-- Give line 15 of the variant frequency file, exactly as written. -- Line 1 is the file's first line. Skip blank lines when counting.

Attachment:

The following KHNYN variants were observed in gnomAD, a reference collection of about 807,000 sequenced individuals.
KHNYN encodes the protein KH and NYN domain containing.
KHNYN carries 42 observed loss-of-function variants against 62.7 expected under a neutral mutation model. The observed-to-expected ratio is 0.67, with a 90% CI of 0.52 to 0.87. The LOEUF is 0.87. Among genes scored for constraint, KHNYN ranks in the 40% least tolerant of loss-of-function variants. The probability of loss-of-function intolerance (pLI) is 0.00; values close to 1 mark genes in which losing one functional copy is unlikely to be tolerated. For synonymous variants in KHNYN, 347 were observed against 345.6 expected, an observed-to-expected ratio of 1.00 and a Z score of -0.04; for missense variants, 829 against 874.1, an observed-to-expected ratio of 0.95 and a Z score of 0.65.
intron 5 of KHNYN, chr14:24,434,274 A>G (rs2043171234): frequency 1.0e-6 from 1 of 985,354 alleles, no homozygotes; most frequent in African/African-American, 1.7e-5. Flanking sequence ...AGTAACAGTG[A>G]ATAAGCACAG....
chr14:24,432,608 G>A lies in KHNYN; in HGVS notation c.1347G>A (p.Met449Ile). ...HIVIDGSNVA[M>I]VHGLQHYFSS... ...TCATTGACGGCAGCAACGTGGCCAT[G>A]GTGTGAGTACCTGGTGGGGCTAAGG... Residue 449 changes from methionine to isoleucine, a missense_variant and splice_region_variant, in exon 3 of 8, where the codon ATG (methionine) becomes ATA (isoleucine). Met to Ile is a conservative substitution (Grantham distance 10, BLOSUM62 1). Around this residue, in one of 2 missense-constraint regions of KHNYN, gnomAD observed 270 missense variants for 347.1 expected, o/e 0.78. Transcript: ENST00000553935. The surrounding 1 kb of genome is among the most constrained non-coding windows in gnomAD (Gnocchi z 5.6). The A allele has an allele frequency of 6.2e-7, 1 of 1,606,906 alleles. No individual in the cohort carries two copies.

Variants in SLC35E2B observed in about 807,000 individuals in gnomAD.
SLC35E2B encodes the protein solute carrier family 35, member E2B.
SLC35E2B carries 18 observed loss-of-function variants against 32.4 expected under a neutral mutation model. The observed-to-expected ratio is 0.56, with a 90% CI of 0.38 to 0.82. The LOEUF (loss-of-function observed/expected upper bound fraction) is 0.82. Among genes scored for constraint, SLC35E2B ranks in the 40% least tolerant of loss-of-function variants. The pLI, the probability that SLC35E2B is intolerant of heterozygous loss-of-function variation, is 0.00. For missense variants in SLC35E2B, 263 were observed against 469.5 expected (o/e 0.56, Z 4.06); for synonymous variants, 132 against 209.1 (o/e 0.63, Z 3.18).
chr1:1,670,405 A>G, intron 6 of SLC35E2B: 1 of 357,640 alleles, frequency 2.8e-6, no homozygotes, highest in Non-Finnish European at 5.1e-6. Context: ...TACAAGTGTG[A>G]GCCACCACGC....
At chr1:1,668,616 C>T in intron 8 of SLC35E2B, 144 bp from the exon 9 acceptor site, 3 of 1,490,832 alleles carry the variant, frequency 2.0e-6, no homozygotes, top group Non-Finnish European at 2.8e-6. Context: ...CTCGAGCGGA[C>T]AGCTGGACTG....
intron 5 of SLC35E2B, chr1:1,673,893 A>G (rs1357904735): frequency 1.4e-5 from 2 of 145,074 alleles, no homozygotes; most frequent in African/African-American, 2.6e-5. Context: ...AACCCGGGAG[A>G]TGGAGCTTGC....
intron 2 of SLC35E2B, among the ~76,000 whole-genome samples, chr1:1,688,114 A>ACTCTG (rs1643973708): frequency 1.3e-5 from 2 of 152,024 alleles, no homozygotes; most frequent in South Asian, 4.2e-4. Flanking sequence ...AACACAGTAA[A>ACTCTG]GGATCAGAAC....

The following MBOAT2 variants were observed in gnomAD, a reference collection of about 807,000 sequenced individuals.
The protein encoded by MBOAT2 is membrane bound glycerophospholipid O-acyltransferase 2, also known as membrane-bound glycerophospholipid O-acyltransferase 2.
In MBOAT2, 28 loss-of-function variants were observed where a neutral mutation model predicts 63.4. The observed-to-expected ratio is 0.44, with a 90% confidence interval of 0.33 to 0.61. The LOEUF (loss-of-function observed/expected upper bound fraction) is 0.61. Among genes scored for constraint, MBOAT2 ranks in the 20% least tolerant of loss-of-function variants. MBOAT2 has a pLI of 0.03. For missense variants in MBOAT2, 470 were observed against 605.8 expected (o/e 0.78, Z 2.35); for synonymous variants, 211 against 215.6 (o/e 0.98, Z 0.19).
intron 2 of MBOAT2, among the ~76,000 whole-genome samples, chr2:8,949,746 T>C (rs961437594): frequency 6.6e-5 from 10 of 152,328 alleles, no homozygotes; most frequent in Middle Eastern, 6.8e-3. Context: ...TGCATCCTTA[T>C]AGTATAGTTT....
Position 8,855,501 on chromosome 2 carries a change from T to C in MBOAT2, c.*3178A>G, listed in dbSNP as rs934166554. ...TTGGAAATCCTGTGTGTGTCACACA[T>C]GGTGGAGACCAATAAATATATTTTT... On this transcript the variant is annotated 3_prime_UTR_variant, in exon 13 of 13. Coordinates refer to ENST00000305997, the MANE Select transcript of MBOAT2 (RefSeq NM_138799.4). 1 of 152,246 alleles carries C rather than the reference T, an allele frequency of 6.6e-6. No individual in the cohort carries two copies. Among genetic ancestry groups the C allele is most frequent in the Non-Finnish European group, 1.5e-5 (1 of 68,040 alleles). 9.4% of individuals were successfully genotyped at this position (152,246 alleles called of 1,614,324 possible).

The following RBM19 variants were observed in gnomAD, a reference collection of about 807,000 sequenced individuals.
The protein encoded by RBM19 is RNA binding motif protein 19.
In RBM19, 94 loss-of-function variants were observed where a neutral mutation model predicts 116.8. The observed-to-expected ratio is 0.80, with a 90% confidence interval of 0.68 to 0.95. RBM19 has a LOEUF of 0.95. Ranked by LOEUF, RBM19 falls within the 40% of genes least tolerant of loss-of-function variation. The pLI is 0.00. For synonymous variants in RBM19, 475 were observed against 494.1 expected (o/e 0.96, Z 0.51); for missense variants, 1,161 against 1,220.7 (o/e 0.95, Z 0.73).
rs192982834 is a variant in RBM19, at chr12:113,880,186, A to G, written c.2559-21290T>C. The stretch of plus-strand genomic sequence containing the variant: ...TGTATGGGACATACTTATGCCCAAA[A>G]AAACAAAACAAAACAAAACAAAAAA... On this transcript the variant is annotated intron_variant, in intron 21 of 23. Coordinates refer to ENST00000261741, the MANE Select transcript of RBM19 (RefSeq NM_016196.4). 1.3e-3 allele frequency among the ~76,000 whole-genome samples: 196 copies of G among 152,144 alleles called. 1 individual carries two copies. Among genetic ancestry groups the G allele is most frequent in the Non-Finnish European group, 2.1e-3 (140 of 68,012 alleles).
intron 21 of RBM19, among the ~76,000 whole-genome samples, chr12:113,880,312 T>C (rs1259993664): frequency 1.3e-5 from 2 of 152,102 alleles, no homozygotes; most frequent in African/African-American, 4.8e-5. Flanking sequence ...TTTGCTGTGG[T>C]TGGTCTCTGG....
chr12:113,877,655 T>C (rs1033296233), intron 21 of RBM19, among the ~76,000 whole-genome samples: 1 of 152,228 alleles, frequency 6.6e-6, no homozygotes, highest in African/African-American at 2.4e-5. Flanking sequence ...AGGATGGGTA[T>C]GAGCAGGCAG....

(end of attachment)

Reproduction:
In MBOAT2, 28 loss-of-function variants were observed where a neutral mutation model predicts 63.4. The observed-to-expected ratio is 0.44, with a 90% confidence interval of 0.33 to 0.61. The LOEUF (loss-of-function observed/expected upper bound fraction) is 0.61. Among genes scored for constraint, MBOAT2 ranks in the 20% least tolerant of loss-of-function variants. MBOAT2 has a pLI of 0.03. For missense variants in MBOAT2, 470 were observed against 605.8 expected (o/e 0.78, Z 2.35); for synonymous variants, 211 against 215.6 (o/e 0.98, Z 0.19).